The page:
Peninsula during the late afternoons and at night through the 
period. Hazy conditions due to agricultural fires in Mexico 
continue across most of the western Gulf and Bay of Campeche. 


Please, read the SPECIAL FEATURES section, for information about
a Significant Rainfall Event that is forecast to impact Hispaniola
and Puerto Rico during the next few days.

Slight seas cover much of the Caribbean Sea. An exception is for
moderate seas that are in the coastal waters of Belize and
Honduras; and in the coastal waters of Venezuela and Colombia 
between 68W and 73W. Fresh easterly winds are from 14N southward
between 63W and 70W. Moderate or slower winds are in the remainder
of the Caribbean Sea.

Smoke continues in the Gulf of Honduras, from agricultural fires 
that are in Honduras. The visibilities in some areas have been 
reduced to 3 nm. Please exercise caution in areas of dense smoke.

A very pronounced deep-layer trough that extends from the 
Windward Passage SW to northern Costa Rica will lift E-NE across 
Hispaniola through Sat night. Active weather east of the trough 
will gradually shift NE into the Atlantic through Sat night. A 
rather weak pressure pattern across the area will maintain 
generally moderate trade winds across the basin, except for 
moderate to fresh winds over the NW part of the sea through late 
Sun night. Afterwards, moderate to fresh trade winds are expected 
over the basin through the middle of next week, except for light 
to gentle winds over the northern part of the NW Caribbean. A low 
latitude tropical wave is currently in the Tropical N Atlantic 
near 56W. The wave will cross the Windward Islands late Sat 
afternoon into Sat night, move through the E Caribbean Sun through
Mon night, then become ill-defined as it approaches the central 
Caribbean Tue. Gusty winds and active weather are expected with 
the wave. Smoke due to agricultural fires in Central America may 
persist across the Gulf of Honduras over the weekend. 


Moderate seas cover much of the Atlantic Ocean. An exception is
for slight seas from 21N northward between 40W and 60W. Fresh to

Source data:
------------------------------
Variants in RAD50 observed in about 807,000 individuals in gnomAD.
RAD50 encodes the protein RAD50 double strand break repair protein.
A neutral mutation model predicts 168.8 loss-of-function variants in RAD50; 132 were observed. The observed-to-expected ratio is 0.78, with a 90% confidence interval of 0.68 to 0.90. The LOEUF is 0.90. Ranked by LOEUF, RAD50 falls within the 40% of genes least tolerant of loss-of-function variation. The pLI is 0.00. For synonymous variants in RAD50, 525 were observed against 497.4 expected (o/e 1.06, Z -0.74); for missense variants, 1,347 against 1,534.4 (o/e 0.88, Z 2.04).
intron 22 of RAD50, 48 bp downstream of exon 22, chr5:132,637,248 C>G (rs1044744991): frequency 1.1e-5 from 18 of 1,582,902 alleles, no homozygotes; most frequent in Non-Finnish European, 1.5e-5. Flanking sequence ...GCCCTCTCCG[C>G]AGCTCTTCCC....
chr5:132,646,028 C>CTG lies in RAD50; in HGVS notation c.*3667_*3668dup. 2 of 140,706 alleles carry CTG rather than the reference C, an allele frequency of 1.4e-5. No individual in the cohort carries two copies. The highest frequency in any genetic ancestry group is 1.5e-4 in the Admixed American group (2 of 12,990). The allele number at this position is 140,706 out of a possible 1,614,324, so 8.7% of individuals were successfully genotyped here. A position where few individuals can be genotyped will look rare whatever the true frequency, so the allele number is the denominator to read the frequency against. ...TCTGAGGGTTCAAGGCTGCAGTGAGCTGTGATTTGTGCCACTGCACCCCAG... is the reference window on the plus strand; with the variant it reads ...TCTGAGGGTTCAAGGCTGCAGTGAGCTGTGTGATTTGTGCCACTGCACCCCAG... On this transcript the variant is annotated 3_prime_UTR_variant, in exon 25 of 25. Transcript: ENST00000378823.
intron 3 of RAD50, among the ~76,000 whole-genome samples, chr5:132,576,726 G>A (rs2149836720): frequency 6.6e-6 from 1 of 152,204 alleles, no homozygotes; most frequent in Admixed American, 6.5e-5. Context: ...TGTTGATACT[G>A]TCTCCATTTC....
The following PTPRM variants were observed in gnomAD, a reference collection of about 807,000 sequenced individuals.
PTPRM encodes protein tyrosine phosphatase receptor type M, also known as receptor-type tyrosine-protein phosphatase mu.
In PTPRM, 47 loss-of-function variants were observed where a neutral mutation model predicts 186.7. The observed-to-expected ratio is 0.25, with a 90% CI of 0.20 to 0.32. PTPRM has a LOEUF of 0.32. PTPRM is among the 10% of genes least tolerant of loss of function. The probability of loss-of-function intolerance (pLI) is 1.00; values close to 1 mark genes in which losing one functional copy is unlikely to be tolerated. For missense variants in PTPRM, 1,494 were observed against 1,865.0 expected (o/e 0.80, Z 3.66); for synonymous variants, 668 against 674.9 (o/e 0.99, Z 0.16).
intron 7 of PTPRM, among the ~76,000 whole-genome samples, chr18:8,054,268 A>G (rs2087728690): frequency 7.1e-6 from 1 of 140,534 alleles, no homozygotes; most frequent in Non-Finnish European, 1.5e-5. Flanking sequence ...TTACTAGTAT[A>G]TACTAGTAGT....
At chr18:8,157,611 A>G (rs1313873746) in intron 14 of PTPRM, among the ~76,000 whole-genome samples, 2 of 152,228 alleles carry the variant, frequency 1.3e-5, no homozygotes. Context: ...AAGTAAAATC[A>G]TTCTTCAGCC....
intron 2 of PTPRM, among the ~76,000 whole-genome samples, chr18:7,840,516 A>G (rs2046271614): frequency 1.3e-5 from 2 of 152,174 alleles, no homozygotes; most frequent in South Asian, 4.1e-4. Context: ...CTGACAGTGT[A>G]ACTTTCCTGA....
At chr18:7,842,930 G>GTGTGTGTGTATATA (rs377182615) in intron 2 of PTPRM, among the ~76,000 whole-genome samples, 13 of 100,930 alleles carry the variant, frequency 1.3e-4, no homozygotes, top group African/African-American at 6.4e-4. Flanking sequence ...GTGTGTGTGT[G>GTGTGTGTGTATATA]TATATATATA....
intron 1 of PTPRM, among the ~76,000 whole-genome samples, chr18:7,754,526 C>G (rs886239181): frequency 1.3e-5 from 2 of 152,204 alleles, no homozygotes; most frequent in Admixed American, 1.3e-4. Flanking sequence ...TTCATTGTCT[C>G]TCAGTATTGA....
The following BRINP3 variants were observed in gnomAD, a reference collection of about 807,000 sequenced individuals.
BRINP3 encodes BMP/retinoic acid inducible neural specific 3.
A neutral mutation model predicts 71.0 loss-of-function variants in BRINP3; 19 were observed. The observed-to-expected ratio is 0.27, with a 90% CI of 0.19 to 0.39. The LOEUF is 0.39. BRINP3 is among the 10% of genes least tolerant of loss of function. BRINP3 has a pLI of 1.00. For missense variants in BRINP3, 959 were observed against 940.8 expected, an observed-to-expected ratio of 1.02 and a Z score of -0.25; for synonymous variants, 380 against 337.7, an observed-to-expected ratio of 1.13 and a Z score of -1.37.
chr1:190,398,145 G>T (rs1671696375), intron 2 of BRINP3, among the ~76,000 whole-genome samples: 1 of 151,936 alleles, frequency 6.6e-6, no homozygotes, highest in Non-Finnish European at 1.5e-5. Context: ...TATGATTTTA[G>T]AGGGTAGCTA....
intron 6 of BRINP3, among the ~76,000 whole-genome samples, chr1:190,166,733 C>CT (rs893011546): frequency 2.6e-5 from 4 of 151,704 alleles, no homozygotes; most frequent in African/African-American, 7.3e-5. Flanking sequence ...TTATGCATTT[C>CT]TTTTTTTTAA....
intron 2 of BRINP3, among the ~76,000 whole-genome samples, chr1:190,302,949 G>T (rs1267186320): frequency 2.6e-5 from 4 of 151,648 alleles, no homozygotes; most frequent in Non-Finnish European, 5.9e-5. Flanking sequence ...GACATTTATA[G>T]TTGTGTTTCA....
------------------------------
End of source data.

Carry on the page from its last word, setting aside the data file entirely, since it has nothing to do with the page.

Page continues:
strong NE winds are from 20N to 26N from 21W eastward. Moderate NE
winds are elsewhere from 30N17W 24N30W 18N41W 17N50W southward.
Moderate to fresh easterly winds are from 20N southward between
50W and 60W. Moderate or slower winds are in the remainder of the
Atlantic Ocean.

Broad surface anticyclonic wind flow is from 15N northward from
50W eastward. A surface trough is along 31N25W 29N30W 25N40W.
Precipitation: broken to overcast low level clouds, and isolated
moderate, are within 60 nm to 120 nm on either side of the trough.

A trough extends from near 29N61W WSW to weak low pressure of 
1012 mb near 27N69W to E Cuba. Scattered showers and thunderstorms
are presently in the NE semicircle of the low to 57W. Regarding 
the low, although environmental conditions are not conducive, some
slight subtropical or tropical development is possible over the 
next couple of days while the system moves generally NE. 
Otherwise, relatively weak high pressure will remain over the 
region for the next few days. The associated gradient will support
moderate winds and seas are possible north of the Bahamas and off
northeast Florida by Mon night as the high pressure shifts 
eastward ahead of a cold front that is expected to move off the 
southeastern U.S. coast Mon night, move across the waters east of 
northern Florida early on Tue, reach from near 31N79W to east- 
central Florida early on Wed and from near 31N78W to 29N79W and 
stationary to east-central Florida Wed night. 


About me

I love communications! It gives me the ability to be an information broker - putting people in touch with others who can help them. It's very satisfying to bring people together this way ... and that's why I love working for charities, non-profits, humanitarian NGOs and aid agencies - all for the common good.

I've worked in journalism in the print, broadcast and online media and in PR, specifically in Media Relations, Stakeholder Engagement, Digital Commnications and Social Media.

I have a thing for environmental stuff and extreme weather events. I am somewhat of an amateur tropical meteorologist but am trying to get my head around temperate meteorology. I am also having some fun learning about gasification technologies.